Australia’s core inflation slowed last quarter, sending the currency lower as investors eased bets on the likelihood of an interest-rate increase.
Futures traders have turned bullish on the Australian dollar for the first time in 11 months, as the currency climbed as much as 9 percent from a 3 1/2-year low reached in January.
The dollar ended five days of losses against a basket of its major counterparts as investor risk appetite shrank and global stocks dropped.
The Australian dollar slid against all its major peers as a slump in global stock markets damped demand for higher-yielding currencies.
Australia’s unemployment rate unexpectedly fell in March, sending the Aussie to a 4 1/2 month high as traders added to bets on an interest-rate increase.
Japanese households helped drive Australia’s dollar to its best start to a year since 2010 as the Reserve Bank signaled it has finished cutting interest rates.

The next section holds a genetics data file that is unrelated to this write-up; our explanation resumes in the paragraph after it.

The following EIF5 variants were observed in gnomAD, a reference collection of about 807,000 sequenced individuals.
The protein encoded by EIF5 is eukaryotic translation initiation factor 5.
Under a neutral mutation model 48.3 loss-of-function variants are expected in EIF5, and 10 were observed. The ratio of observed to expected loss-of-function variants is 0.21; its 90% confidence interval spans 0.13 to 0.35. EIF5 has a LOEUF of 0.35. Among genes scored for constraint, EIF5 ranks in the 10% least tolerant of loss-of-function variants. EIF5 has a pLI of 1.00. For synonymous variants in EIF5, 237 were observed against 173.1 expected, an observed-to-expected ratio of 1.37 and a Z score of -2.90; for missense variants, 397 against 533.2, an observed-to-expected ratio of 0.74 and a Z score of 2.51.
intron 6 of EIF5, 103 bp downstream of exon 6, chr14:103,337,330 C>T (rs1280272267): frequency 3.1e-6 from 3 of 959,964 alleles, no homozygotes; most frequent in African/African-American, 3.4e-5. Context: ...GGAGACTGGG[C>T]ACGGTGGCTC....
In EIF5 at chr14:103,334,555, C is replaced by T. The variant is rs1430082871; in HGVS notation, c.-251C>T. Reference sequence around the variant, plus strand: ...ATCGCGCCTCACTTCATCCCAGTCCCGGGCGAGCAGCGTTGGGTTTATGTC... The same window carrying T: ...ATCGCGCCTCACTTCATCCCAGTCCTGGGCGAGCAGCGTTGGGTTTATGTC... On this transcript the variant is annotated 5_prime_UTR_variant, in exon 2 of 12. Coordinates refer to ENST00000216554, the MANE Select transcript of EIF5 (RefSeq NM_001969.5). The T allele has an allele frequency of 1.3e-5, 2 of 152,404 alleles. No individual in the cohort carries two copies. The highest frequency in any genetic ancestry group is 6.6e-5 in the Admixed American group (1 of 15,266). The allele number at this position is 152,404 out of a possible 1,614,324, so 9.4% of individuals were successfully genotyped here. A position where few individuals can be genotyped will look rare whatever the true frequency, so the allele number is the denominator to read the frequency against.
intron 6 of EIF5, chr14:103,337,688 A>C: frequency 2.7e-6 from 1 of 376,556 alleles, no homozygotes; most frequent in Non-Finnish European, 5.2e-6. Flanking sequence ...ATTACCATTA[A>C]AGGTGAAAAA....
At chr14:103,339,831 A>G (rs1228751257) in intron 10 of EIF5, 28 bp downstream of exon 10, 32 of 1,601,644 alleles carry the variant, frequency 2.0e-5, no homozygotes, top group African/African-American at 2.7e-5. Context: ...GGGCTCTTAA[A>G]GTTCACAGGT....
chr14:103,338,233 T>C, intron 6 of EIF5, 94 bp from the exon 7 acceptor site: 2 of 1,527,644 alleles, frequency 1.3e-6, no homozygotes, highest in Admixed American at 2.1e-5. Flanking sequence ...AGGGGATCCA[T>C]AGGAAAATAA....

The Australian dollar is set to retreat from a five-month high versus the greenback, technical indicators suggest, threatening to end its longest weekly winning streak in 20 months.
The Bank of Japan will probably boost currency in circulation by more than 50 percent by the end of 2015, catching up with the Federal Reserve, amid forecasts for extra stimulus.
Reserve Bank of Australia Governor Glenn Stevens said it’s too early to be sure a handover from mining investment to domestic-led growth will occur smoothly.
A year after taxpayer support for Australia’s mortgage bonds ended, lenders want it back as issuance languishes at half the levels seen before the global financial crisis.
"There are some promising early signs that things may turn out not too badly."
- Glenn Stevens on Apr 02, 2014